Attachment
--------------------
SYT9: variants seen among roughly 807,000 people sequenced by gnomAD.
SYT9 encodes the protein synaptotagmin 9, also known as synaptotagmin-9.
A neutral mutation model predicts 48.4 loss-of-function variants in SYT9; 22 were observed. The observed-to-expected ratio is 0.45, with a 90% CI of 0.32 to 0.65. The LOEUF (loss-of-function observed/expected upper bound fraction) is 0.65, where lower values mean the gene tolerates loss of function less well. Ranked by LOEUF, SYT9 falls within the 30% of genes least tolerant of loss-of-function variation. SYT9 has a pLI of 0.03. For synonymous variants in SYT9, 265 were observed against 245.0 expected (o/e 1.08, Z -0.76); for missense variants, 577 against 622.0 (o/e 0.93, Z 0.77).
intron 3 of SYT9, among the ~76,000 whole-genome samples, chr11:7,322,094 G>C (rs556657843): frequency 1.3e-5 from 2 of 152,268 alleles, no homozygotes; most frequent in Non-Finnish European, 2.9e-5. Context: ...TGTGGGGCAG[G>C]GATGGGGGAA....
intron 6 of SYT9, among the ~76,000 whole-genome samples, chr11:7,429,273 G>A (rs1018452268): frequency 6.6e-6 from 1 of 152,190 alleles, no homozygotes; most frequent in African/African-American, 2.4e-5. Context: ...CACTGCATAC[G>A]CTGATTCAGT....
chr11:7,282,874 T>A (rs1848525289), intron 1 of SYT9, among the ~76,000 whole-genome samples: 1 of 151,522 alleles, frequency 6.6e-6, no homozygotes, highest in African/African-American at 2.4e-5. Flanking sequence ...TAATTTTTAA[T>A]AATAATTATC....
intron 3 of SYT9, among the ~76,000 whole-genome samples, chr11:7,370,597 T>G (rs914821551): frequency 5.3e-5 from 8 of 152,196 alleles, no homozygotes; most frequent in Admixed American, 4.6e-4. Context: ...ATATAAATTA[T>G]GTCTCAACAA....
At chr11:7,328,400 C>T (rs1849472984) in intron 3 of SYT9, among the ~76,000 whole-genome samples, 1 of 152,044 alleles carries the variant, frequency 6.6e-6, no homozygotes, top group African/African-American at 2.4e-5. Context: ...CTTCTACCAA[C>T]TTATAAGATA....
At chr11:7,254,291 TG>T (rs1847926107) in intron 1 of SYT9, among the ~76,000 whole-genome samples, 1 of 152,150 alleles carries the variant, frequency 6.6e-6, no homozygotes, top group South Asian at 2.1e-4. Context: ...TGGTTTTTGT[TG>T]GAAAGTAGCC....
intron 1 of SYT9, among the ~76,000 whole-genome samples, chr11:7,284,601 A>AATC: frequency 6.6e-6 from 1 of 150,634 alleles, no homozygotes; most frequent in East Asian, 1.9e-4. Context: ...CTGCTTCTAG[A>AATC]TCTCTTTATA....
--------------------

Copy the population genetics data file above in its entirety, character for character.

SYT9: variants seen among roughly 807,000 people sequenced by gnomAD.
SYT9 encodes the protein synaptotagmin 9, also known as synaptotagmin-9.
A neutral mutation model predicts 48.4 loss-of-function variants in SYT9; 22 were observed. The observed-to-expected ratio is 0.45, with a 90% CI of 0.32 to 0.65. The LOEUF (loss-of-function observed/expected upper bound fraction) is 0.65, where lower values mean the gene tolerates loss of function less well. Ranked by LOEUF, SYT9 falls within the 30% of genes least tolerant of loss-of-function variation. SYT9 has a pLI of 0.03. For synonymous variants in SYT9, 265 were observed against 245.0 expected (o/e 1.08, Z -0.76); for missense variants, 577 against 622.0 (o/e 0.93, Z 0.77).
intron 3 of SYT9, among the ~76,000 whole-genome samples, chr11:7,322,094 G>C (rs556657843): frequency 1.3e-5 from 2 of 152,268 alleles, no homozygotes; most frequent in Non-Finnish European, 2.9e-5. Context: ...TGTGGGGCAG[G>C]GATGGGGGAA....
intron 6 of SYT9, among the ~76,000 whole-genome samples, chr11:7,429,273 G>A (rs1018452268): frequency 6.6e-6 from 1 of 152,190 alleles, no homozygotes; most frequent in African/African-American, 2.4e-5. Context: ...CACTGCATAC[G>A]CTGATTCAGT....
chr11:7,282,874 T>A (rs1848525289), intron 1 of SYT9, among the ~76,000 whole-genome samples: 1 of 151,522 alleles, frequency 6.6e-6, no homozygotes, highest in African/African-American at 2.4e-5. Flanking sequence ...TAATTTTTAA[T>A]AATAATTATC....
intron 3 of SYT9, among the ~76,000 whole-genome samples, chr11:7,370,597 T>G (rs914821551): frequency 5.3e-5 from 8 of 152,196 alleles, no homozygotes; most frequent in Admixed American, 4.6e-4. Context: ...ATATAAATTA[T>G]GTCTCAACAA....
At chr11:7,328,400 C>T (rs1849472984) in intron 3 of SYT9, among the ~76,000 whole-genome samples, 1 of 152,044 alleles carries the variant, frequency 6.6e-6, no homozygotes, top group African/African-American at 2.4e-5. Context: ...CTTCTACCAA[C>T]TTATAAGATA....
At chr11:7,254,291 TG>T (rs1847926107) in intron 1 of SYT9, among the ~76,000 whole-genome samples, 1 of 152,150 alleles carries the variant, frequency 6.6e-6, no homozygotes, top group South Asian at 2.1e-4. Context: ...TGGTTTTTGT[TG>T]GAAAGTAGCC....
intron 1 of SYT9, among the ~76,000 whole-genome samples, chr11:7,284,601 A>AATC: frequency 6.6e-6 from 1 of 150,634 alleles, no homozygotes; most frequent in East Asian, 1.9e-4. Context: ...CTGCTTCTAG[A>AATC]TCTCTTTATA....